Senate women to watch in 2014

Patty Murray (D-Wash.)
Patty Murray, a no-nonsense lawmaker from Washington state, aptly demonstrates the growing clout of women in the Senate, who numbered three when she first ran for office two decades ago. There are now a record-high 20 women serving in the upper house.

Murray, who recently became the first woman to chair the Senate Budget Committee, wields a “unique negotiating style.” According to Sen. Barbara Mikulski (D-Md.), the dean among the Senate’s women, she sticks to her goals but builds consensus among her peers.

And Murray learns from the past. Two years ago, her deficit-reduction “supercommittee” couldn’t come to terms. This time, as half of the architect of a budget deal that had eluded so many, she and Wisconsin Republican Rep. Paul D. Ryan tangled, but usually amicably. Early on, according to The Times, they agreed not to publicly air what they were negotiating behind closed doors, and they focused on reaching a pragmatic solution.

In the end, Murray concludes: “He and I do have some major differences. We cheer for a different football team, clearly. We catch different fish.... But we agree that our country needs some certainty.”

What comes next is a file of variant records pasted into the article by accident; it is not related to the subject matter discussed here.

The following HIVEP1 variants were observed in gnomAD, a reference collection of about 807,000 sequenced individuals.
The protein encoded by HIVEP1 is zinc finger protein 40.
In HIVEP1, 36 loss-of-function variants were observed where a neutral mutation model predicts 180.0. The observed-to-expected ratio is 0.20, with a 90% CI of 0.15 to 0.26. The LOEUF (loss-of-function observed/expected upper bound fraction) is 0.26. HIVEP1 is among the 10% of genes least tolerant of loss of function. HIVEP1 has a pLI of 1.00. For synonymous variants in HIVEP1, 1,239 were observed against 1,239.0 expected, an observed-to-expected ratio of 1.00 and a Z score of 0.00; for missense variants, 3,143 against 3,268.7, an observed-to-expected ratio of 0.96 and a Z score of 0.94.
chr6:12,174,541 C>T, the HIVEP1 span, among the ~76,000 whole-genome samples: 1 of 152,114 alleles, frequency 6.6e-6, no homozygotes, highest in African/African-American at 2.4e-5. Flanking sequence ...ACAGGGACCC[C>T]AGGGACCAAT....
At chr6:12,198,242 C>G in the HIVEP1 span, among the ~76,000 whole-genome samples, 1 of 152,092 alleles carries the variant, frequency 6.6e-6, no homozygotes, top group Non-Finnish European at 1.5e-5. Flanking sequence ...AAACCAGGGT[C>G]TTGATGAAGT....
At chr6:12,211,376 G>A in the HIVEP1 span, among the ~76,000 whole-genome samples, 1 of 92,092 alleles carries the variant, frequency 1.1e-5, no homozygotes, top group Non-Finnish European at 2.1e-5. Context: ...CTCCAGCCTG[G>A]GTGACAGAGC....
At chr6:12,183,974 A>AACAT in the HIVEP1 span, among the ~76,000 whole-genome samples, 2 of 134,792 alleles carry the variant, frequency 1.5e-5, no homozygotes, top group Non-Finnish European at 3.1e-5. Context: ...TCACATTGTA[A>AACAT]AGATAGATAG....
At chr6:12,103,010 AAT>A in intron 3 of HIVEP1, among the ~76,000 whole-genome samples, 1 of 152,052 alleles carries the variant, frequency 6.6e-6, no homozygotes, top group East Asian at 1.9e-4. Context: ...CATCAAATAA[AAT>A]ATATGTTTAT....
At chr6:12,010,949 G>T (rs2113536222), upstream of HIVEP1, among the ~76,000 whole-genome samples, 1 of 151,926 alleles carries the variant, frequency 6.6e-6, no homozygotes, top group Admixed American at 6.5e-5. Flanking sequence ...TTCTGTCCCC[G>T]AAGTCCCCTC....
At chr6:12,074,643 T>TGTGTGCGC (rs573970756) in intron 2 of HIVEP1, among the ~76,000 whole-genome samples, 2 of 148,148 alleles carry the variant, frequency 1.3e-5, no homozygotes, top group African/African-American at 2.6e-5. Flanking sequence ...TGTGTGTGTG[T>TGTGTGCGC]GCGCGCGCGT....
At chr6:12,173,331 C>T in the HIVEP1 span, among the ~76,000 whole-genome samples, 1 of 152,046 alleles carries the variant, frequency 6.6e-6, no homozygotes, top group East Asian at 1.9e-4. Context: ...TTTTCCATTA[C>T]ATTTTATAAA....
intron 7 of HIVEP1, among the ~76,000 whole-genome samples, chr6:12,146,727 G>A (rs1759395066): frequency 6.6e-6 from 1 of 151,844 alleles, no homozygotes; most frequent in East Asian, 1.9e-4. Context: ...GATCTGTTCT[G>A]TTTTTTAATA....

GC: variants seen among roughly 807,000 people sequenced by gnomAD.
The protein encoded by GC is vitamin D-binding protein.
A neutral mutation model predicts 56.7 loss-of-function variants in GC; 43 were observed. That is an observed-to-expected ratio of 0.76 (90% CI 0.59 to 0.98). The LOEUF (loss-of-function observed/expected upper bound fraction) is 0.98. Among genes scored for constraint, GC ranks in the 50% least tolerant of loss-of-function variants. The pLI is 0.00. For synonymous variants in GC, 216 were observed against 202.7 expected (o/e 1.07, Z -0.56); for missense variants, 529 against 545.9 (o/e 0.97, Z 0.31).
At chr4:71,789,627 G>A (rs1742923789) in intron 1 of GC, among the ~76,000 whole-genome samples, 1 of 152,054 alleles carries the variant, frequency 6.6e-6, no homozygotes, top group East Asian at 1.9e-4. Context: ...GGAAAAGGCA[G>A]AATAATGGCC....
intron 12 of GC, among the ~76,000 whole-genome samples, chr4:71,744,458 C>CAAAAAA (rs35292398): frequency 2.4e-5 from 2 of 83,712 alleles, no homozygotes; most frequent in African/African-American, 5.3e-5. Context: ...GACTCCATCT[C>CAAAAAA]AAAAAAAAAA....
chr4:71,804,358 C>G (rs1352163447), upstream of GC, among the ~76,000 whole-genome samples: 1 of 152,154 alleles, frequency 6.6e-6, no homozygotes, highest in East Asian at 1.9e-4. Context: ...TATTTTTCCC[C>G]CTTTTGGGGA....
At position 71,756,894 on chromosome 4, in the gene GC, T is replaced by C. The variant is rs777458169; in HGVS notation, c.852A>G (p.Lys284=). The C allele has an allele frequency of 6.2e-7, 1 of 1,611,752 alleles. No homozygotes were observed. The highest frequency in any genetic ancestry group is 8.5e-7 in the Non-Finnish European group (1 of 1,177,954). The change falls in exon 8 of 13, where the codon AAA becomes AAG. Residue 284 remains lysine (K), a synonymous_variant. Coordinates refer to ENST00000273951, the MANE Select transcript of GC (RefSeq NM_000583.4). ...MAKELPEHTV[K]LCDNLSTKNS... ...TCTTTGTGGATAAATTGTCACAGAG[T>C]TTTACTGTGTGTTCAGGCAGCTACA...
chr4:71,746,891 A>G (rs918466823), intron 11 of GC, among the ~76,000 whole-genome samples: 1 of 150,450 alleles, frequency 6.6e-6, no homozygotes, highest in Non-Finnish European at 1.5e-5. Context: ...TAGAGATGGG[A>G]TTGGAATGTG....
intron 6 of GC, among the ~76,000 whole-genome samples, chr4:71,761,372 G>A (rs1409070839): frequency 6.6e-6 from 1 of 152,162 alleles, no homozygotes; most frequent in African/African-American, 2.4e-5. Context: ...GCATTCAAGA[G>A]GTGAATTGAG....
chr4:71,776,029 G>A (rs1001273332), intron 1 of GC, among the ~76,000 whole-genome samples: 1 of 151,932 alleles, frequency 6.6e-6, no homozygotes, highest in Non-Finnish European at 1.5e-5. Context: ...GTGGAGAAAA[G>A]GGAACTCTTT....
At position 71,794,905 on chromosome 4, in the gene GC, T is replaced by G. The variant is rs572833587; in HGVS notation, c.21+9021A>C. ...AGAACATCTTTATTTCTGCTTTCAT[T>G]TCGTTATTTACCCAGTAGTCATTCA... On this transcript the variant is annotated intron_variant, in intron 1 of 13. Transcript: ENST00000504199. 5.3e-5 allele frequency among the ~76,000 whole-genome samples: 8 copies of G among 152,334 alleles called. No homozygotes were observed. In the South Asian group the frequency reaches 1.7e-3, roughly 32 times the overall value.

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(Andrew Harrer / Bloomberg)

Capitol Hill -- and especially the Senate -- was once an old boys’ club. Not anymore. Women now make up one-fifth of the Senate. And they’re making their presence felt.

In December, Washington Sen. Patty Murray was the Democrats’ standard-bearer in quiet, behind-the-scenes talks that loudly made news. Murray, the Senate Budget Committee chairwoman, and Wisconsin Republican Rep. Paul D. Ryan worked out a “breakthrough $85-billion bipartisan accord,” wrote The Times. “The modest deal represents an achievement in this divided Congress.”

But Murray was not the only woman to get something done in rancorous D.C. “Women now chair or sit as ranking members of 10 of the Senate’s 20 committees and are responsible for passing the vast majority of legislation this year, whether it be the budget, the transportation bill, the farm bill, the Water Resources Development Act or the Violence Against Women Act,” according to Time magazine.

The 20 -- yes, 20 -- Senate women come from both sides of the aisle, and the list today includes more names than California’s familiar Democratic duo of Dianne Feinstein and Barbara Boxer and Maryland Democrat Barbara Mikulski.


Here’s a look at some of the Senate women who stood together, and stood out, in 2013 -- and who are likely to do more of the same in 2014. -- Sara Lessley